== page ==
CALL FOR PAPERS: The biennial conference of the SIEF-Ethnology of Religion working group: "Religious Utopias"
POSTPONED - MARCH 2023
The hope for a better, a utopian world is a powerful force. Utopian promises help to endure and make sense of life, but they also suggest the possibility of social change. Religions can be looked upon as a utopian enterprise – offering imaginations and (ritualized) practices that reach beyond the present into an ideal(ized) future. In the face of the current ecological destruction, intensified social conflicts, and increased uncertainty, not least due to the pandemic, the SIEF Ethnology of Religion working group seeks to explore the utopian potential of the religious.
The ‘religious’ is hereby understood broadly, including not only traditional institutional religions, but also new, alternative, or implicit religious and spiritual forms and movements. The concept of utopias is also cast broadly. It roughly refers to an “ideal society” or “ideal world.” Religious utopias encompass grand cosmologies of a coming “paradise”, but also infuse the day-to-day struggle with positive, hopeful, spiritual and religious meaning (Maskens/Blanes 2013; Moylan 2021).
Utopias can be based on the idea of a radical break with former epochs. They also explore the possibility of a different “here and now”; and yet again, utopias might be grounded in nostalgia – in an imagined, glorified or idealized past, that should and will be brought back and thus “re-enchant” time and space. Last but not least, utopia and dystopia are never far apart from one another: someone’s “ideal world” might represent “hell on Earth” for others (Maskens/Blanes 2013)
We invite presenters to discuss a variety of topics, amongst which could be the following:
- How do religions and religious communities in contemporary as well as historical times symbolically (ritually) articulate utopian imaginations of an “ideal” future?
- How can we explore ideas and practices of utopia ethnographically?
- In which way do utopian thinking and practice manifest in organizations (e.g. in small, secluded religious/spiritual communities); and how do ideas of utopia shape and inscribe themselves into religious material culture and architecture?
- In what manner do rapidly changing media recast the ways religious utopias get aesthetically expressed and thus become an active part in forming religious utopian contents und ideas?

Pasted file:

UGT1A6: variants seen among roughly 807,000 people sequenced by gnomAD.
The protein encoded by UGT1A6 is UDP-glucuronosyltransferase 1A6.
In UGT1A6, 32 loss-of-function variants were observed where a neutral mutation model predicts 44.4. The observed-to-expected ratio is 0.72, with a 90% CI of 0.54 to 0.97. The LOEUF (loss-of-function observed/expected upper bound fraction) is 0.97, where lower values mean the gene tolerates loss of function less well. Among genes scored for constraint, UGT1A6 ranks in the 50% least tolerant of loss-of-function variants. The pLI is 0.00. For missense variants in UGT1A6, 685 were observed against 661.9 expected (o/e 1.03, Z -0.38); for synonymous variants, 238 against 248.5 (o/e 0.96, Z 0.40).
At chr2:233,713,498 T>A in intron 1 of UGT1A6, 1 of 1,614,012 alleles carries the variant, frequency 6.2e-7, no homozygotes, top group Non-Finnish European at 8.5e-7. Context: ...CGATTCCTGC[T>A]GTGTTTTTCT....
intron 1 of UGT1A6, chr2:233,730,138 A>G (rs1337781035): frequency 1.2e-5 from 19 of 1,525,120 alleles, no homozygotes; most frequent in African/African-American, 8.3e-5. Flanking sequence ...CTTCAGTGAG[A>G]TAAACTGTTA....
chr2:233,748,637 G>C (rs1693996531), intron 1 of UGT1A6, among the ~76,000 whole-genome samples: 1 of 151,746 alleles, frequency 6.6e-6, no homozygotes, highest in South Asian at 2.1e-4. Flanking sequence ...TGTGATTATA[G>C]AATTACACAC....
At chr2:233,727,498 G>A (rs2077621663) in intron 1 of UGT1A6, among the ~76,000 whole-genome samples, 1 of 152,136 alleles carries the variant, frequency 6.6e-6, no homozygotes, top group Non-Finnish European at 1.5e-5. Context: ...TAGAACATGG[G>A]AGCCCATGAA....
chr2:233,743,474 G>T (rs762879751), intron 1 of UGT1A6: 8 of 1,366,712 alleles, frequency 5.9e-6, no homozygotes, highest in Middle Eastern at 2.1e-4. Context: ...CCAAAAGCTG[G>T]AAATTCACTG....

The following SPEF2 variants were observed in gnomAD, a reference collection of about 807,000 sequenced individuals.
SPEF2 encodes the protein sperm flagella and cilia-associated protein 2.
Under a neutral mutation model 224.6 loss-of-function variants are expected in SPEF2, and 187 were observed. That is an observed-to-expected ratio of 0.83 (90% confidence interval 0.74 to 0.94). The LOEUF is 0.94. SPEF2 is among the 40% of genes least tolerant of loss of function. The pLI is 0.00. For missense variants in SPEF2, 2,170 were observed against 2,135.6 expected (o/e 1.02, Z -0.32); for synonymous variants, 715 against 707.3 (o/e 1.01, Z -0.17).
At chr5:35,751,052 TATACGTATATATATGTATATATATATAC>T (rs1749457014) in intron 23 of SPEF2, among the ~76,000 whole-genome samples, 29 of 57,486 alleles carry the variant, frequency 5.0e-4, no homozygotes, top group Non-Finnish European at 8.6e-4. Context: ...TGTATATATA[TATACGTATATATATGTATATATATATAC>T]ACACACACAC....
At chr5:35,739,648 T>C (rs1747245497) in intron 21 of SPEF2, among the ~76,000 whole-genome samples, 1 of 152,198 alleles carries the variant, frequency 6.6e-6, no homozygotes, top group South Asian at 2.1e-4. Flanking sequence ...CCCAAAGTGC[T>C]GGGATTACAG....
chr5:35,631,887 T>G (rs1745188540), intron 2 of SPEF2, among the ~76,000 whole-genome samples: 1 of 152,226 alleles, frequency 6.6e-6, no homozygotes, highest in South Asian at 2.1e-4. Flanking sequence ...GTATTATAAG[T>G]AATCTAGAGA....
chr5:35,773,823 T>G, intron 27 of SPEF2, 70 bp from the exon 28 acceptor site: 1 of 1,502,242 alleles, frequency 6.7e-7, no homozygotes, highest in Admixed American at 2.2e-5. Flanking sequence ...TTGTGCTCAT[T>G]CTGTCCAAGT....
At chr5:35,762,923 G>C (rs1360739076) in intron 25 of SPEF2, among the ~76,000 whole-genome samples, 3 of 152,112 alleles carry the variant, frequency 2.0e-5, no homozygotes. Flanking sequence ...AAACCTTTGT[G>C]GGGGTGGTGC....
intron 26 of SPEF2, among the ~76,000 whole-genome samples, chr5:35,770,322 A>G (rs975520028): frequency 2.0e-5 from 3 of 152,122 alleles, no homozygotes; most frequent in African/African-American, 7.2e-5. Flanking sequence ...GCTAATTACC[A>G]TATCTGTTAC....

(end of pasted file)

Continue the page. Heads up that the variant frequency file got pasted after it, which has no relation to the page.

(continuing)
- What role do gender and other identity categories play in utopian imaginations? How do those categories get spelled out in religious utopian visions?
- How are artistic and visionary religious utopias articulated and presented in fine arts?
- How does pop culture and literature address religion in relation to utopia und thus create a kind of “utopian religion” – as for example in the utopian literary and film genre, and utopian fiction more in general?
By opening up a wide range of topics and by inviting papers with various perspectives we aim to contribute – ethnographically and theoretically – to the recent debate on “future practice” in neoliberal times and on “sustainability”. Doing so we wish to further develop an “anthropology of the utopian and the good”, not as a counterpoint to the emergent “dark anthropology” (Ortner 2016), but in interaction with it and thus lay open the significance of the religious as a central model to shape, experience, and inscribe meaning within the utopian.
Conference fee: €75 for senior lecturers/professors/full employees; €25 for junior researchers/students (the fee covers meals, reception and fees for a guided excusion to the newly opened Humboldt-Forum under the topic “religion, restitution and the hope of justice”)
The SIEF Ethnology of Religion Board:
Victoria Hegner, Alessandro Testa, Thorsten Wettich, Peter Jan Margry, Clara Saraiva
Send abstracts with no more than 250 words until April 15th 2022 to:
Victoria Hegner: victoria.hegner(at)phil.uni-goettingen.de
The selection committee will make its decision by early May to allow ample time for participants to apply for travel funds.